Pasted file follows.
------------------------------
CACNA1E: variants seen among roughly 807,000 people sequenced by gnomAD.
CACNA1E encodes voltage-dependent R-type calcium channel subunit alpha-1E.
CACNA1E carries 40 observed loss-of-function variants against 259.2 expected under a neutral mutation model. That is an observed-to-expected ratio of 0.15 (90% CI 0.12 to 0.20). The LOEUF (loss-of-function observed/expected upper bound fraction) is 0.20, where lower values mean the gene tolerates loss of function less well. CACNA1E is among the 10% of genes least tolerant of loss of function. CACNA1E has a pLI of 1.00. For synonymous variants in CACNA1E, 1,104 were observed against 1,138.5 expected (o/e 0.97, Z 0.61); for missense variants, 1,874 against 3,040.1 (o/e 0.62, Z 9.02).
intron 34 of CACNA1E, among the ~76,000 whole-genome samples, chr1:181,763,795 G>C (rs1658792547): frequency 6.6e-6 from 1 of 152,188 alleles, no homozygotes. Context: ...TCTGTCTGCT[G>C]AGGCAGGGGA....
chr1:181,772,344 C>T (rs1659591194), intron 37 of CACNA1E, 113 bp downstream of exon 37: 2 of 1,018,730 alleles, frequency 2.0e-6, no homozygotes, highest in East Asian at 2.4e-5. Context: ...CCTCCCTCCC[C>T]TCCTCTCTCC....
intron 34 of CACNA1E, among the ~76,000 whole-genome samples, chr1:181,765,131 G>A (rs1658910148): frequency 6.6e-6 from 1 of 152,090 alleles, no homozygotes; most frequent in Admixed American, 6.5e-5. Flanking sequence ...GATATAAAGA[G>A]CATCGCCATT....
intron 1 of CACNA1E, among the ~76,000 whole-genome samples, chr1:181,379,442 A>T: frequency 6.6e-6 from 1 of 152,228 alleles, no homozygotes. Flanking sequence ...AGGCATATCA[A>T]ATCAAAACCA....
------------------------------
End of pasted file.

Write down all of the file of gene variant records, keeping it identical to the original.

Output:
CACNA1E: variants seen among roughly 807,000 people sequenced by gnomAD.
CACNA1E encodes voltage-dependent R-type calcium channel subunit alpha-1E.
CACNA1E carries 40 observed loss-of-function variants against 259.2 expected under a neutral mutation model. That is an observed-to-expected ratio of 0.15 (90% CI 0.12 to 0.20). The LOEUF (loss-of-function observed/expected upper bound fraction) is 0.20, where lower values mean the gene tolerates loss of function less well. CACNA1E is among the 10% of genes least tolerant of loss of function. CACNA1E has a pLI of 1.00. For synonymous variants in CACNA1E, 1,104 were observed against 1,138.5 expected (o/e 0.97, Z 0.61); for missense variants, 1,874 against 3,040.1 (o/e 0.62, Z 9.02).
intron 34 of CACNA1E, among the ~76,000 whole-genome samples, chr1:181,763,795 G>C (rs1658792547): frequency 6.6e-6 from 1 of 152,188 alleles, no homozygotes. Context: ...TCTGTCTGCT[G>C]AGGCAGGGGA....
chr1:181,772,344 C>T (rs1659591194), intron 37 of CACNA1E, 113 bp downstream of exon 37: 2 of 1,018,730 alleles, frequency 2.0e-6, no homozygotes, highest in East Asian at 2.4e-5. Context: ...CCTCCCTCCC[C>T]TCCTCTCTCC....
intron 34 of CACNA1E, among the ~76,000 whole-genome samples, chr1:181,765,131 G>A (rs1658910148): frequency 6.6e-6 from 1 of 152,090 alleles, no homozygotes; most frequent in Admixed American, 6.5e-5. Flanking sequence ...GATATAAAGA[G>A]CATCGCCATT....
intron 1 of CACNA1E, among the ~76,000 whole-genome samples, chr1:181,379,442 A>T: frequency 6.6e-6 from 1 of 152,228 alleles, no homozygotes. Flanking sequence ...AGGCATATCA[A>T]ATCAAAACCA....